Banditry in West Java, 1869–1942

Banditry was rife around Batavia (modern Jakarta) during the late colonial period. Banditry in West Java identifies the bandits and describes both their working methods and their motives, which at times went beyond simple self-enrichment. The author also explores the world of the victims of the robbers, mainly city-dwellers, who viewed the bandits as the antithesis of civilization and made them into convenient objects onto which respectable citizens projected their own preoccupations with sex, violence, and magic. Banditry was brought under control following reforms to the colonial police force in the Dutch East Indies in the early 1920s, but the bandit tradition lived on in Javanese popular imagination and folk culture. In particular it is found in tales of Si Pitung, a Robin Hood figure who flourished in nineteenth-century Batavia.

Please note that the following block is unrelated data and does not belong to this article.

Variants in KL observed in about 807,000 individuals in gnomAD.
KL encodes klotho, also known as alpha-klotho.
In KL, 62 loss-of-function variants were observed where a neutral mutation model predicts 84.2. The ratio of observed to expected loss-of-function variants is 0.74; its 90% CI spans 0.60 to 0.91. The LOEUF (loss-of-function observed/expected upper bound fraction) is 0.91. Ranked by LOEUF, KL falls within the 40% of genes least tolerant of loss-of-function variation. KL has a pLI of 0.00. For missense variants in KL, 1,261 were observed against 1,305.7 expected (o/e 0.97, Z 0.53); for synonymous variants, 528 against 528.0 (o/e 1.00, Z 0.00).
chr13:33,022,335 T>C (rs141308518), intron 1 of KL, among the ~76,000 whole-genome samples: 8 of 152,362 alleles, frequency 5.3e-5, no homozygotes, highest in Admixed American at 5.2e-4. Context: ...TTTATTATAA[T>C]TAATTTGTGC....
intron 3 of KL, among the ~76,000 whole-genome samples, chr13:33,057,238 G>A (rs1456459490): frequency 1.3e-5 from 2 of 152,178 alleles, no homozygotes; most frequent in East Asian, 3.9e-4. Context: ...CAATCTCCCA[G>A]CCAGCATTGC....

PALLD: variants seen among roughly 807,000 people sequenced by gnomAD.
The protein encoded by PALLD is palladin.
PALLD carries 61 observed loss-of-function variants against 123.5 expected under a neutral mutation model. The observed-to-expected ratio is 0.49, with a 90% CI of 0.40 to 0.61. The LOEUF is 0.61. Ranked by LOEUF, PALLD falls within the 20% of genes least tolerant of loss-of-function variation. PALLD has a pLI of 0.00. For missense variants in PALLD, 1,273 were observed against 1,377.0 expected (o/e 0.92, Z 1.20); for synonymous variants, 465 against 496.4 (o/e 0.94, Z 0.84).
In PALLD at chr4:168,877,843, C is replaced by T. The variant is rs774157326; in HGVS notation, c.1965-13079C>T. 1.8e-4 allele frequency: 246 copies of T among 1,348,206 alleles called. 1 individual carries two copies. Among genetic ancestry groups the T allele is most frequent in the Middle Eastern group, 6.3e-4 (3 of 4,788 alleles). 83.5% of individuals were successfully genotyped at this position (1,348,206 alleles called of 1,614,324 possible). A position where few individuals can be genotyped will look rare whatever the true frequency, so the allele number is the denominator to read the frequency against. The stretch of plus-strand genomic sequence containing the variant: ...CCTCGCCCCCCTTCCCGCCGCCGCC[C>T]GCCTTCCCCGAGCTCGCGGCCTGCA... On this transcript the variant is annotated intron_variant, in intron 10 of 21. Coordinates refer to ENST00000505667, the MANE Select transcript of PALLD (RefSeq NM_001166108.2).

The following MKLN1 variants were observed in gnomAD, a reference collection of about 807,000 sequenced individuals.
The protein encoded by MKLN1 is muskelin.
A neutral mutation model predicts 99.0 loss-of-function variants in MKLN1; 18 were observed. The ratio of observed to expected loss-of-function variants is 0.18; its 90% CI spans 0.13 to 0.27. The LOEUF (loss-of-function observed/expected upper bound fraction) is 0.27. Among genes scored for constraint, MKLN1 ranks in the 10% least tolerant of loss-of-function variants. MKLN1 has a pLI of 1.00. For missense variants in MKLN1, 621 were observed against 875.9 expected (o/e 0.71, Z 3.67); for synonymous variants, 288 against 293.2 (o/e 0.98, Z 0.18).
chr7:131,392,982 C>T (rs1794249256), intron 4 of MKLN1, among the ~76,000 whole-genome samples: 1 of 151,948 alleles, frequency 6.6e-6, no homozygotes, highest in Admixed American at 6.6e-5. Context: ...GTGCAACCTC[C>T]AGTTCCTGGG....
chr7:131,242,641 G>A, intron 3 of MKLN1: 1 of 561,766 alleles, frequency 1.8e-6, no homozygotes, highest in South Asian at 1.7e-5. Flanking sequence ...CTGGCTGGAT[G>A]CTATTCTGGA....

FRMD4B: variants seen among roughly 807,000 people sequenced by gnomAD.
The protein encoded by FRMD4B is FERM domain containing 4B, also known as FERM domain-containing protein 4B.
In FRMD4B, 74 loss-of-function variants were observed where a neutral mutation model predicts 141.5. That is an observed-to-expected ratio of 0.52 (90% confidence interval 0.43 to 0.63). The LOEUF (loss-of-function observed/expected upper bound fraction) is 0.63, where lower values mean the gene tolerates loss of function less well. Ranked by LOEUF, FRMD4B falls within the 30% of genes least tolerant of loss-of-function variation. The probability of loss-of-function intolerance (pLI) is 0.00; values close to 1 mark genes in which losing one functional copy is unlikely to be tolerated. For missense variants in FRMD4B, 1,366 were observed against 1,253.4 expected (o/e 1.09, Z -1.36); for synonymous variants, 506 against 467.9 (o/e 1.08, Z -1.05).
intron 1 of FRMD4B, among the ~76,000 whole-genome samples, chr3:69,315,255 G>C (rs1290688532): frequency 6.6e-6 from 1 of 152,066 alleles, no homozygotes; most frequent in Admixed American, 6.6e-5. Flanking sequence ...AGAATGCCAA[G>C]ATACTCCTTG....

RM140.00

3 in stock

Description

Banditry was rife around Batavia (modern Jakarta) during the late colonial period. Banditry in West Java identifies the bandits and describes both their working methods and their motives, which at times went beyond simple self-enrichment. The author also explores the world of the victims of the robbers, mainly city-dwellers, who viewed the bandits as the antithesis of civilization and made them into convenient objects onto which respectable citizens projected their own preoccupations with sex, violence, and magic. Banditry was brought under control following reforms to the colonial police force in the Dutch East Indies in the early 1920s, but the bandit tradition lived on in Javanese popular imagination and folk culture. In particular it is found in tales of Si Pitung, a Robin Hood figure who flourished in nineteenth-century Batavia.

 

Publisher: NUS Press

Paperback

2011

ISBN: 9789971695026